Why is this often complex or difficult to accomplish? Because most music found in the wild is produced and composed through a creative lens, not a scientific one. While these songs can certainly be beautiful, enjoyable or pleasing, it doesn’t mean that they are scientifically created or optimized to meet a cognitive state for focused attention, or an emotional need to calm anxiety or decrease stress. As with all things related to our health and wellbeing, the scientific dimension is critical when looking to elicit a reliable and targeted health outcome. It is no different in the auditory music realm - the science basis is equally as important as the creative talent with which a music composition is composed.
So why are your favorite songs not always the best option for your productivity playlist? Your favorite songs or top hits can easily become a distraction in the workplace. When people know the songs well and enjoy listening to them, they are more likely to get carried away with the music invoking either a positive emotional response where they find themselves tapping their toes to the beat or a negative one where they ruminate on aspects of their personal lives. Studies have shown how certain music types can lower productivity and task accuracy.
There are many clear therapeutic and productivity benefits of listening to music at work. Often the decision to listen to music at work comes down to the specific industry your business belongs to and the fact that some types of music lends itself better to some roles than others. That’s not to say that it can’t benefit most employees, but laying down some rules of thumb can help make it work for everyone.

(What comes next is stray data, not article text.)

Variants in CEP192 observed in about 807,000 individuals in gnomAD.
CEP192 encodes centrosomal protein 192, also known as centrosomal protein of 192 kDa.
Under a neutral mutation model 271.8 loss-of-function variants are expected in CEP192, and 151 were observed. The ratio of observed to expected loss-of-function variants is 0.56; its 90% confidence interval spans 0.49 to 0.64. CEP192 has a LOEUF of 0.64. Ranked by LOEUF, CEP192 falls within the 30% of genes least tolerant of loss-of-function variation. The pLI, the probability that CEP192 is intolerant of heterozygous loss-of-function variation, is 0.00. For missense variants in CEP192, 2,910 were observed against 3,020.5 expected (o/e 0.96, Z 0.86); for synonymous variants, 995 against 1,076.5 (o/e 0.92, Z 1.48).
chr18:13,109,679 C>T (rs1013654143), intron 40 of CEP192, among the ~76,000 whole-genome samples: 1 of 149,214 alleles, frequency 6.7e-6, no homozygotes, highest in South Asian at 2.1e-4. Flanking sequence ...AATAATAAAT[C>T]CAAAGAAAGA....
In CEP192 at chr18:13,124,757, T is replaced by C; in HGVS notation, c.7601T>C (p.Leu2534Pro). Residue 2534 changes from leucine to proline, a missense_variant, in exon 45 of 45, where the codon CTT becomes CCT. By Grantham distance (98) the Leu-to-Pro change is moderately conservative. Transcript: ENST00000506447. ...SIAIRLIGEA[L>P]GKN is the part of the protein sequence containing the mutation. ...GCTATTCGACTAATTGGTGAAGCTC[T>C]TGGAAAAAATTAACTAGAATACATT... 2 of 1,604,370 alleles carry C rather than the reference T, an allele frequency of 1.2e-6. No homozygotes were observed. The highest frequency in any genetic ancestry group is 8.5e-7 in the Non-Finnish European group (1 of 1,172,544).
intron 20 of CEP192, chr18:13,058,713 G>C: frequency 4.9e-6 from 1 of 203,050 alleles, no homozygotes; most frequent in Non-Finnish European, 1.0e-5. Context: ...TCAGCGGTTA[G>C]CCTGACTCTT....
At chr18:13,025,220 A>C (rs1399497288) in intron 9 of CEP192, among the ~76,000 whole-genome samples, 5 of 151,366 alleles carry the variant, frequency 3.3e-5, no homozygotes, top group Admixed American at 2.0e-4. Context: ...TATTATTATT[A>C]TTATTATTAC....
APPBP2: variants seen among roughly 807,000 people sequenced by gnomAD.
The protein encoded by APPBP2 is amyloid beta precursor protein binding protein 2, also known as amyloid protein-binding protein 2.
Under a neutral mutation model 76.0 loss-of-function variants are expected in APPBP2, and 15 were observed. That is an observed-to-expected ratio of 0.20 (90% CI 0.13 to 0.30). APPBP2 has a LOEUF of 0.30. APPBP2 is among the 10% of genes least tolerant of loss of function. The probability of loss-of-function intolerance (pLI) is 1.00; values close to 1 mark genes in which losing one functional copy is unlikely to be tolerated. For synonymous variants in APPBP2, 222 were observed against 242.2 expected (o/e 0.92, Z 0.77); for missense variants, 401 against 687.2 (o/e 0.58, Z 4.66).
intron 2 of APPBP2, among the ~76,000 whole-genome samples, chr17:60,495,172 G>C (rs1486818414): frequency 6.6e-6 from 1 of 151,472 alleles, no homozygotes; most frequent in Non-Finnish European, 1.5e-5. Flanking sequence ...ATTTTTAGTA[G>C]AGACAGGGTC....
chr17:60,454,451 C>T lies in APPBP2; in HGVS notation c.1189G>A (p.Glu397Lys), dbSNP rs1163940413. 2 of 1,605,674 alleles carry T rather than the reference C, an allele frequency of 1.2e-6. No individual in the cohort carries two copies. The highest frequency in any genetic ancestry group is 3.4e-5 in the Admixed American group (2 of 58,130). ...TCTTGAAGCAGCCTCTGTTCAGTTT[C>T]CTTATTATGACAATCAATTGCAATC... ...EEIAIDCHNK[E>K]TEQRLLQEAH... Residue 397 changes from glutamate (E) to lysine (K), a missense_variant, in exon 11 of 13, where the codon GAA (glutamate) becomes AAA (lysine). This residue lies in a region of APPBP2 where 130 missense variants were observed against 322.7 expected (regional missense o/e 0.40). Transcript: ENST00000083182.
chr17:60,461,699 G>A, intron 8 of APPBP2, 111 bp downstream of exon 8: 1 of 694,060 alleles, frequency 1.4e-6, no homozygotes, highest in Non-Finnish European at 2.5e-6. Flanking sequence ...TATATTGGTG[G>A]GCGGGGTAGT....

You might choose to restrict certain employees from listening to music at certain times - especially if they are dealing directly with customers or working closely with other team members at the time. There may also be health and safety reasons for why workers need to be able to hear others, such as when operating heavy machinery.
When listening to music in the office, it’s probably best to use headphones so one employee’s music doesn’t interfere with another employee’s work activities. If you have a private room or office and want to listen on a personal speaker, the volume should be kept at a modest level. You may also restrict streaming on sites such as YouTube, which could provide an entirely different level of distraction.
Employees’ need emotional and cognitive relief at work like never before. Music can be an effective, reliable, enjoyable and accessible activity to address employees’ health and wellbeing. However, music isn’t one-size-fits-all and when it comes to health outcomes, it’s important to consider the scientific and therapeutic dimensions when it comes to the music your employees’ listen to. That’s why Spiritune works with leading neuroscientists and music therapists from Stanford and NYU to inform our music knowledge base in collaboration with composers that create music adapted and personalized for specific emotional and cognitive states at every moment of your employees’ day - from waking up to work to sleep.